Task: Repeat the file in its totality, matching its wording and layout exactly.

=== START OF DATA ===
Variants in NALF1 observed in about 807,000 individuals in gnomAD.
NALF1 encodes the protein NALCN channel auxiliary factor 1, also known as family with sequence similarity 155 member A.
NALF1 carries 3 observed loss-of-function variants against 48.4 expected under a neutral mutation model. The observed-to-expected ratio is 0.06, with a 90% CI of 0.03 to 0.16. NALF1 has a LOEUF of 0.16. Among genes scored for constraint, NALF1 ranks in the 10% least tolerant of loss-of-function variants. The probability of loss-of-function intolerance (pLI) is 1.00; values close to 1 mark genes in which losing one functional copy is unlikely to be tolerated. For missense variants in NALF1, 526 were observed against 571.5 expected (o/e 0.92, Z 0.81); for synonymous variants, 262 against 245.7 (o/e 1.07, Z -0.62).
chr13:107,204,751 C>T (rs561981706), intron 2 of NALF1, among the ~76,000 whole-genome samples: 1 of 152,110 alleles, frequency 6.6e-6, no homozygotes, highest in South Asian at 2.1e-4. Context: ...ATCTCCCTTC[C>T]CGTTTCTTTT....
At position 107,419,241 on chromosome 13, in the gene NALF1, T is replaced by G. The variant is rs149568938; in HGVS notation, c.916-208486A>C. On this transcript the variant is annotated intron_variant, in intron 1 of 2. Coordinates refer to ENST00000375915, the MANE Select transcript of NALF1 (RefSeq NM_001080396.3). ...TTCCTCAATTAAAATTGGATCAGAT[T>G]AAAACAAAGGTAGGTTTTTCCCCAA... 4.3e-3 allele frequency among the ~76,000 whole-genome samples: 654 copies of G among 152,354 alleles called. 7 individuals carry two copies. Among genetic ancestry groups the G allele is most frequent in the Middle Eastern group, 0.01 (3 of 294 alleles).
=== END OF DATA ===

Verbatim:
Variants in NALF1 observed in about 807,000 individuals in gnomAD.
NALF1 encodes the protein NALCN channel auxiliary factor 1, also known as family with sequence similarity 155 member A.
NALF1 carries 3 observed loss-of-function variants against 48.4 expected under a neutral mutation model. The observed-to-expected ratio is 0.06, with a 90% CI of 0.03 to 0.16. NALF1 has a LOEUF of 0.16. Among genes scored for constraint, NALF1 ranks in the 10% least tolerant of loss-of-function variants. The probability of loss-of-function intolerance (pLI) is 1.00; values close to 1 mark genes in which losing one functional copy is unlikely to be tolerated. For missense variants in NALF1, 526 were observed against 571.5 expected (o/e 0.92, Z 0.81); for synonymous variants, 262 against 245.7 (o/e 1.07, Z -0.62).
chr13:107,204,751 C>T (rs561981706), intron 2 of NALF1, among the ~76,000 whole-genome samples: 1 of 152,110 alleles, frequency 6.6e-6, no homozygotes, highest in South Asian at 2.1e-4. Context: ...ATCTCCCTTC[C>T]CGTTTCTTTT....
At position 107,419,241 on chromosome 13, in the gene NALF1, T is replaced by G. The variant is rs149568938; in HGVS notation, c.916-208486A>C. On this transcript the variant is annotated intron_variant, in intron 1 of 2. Coordinates refer to ENST00000375915, the MANE Select transcript of NALF1 (RefSeq NM_001080396.3). ...TTCCTCAATTAAAATTGGATCAGAT[T>G]AAAACAAAGGTAGGTTTTTCCCCAA... 4.3e-3 allele frequency among the ~76,000 whole-genome samples: 654 copies of G among 152,354 alleles called. 7 individuals carry two copies. Among genetic ancestry groups the G allele is most frequent in the Middle Eastern group, 0.01 (3 of 294 alleles).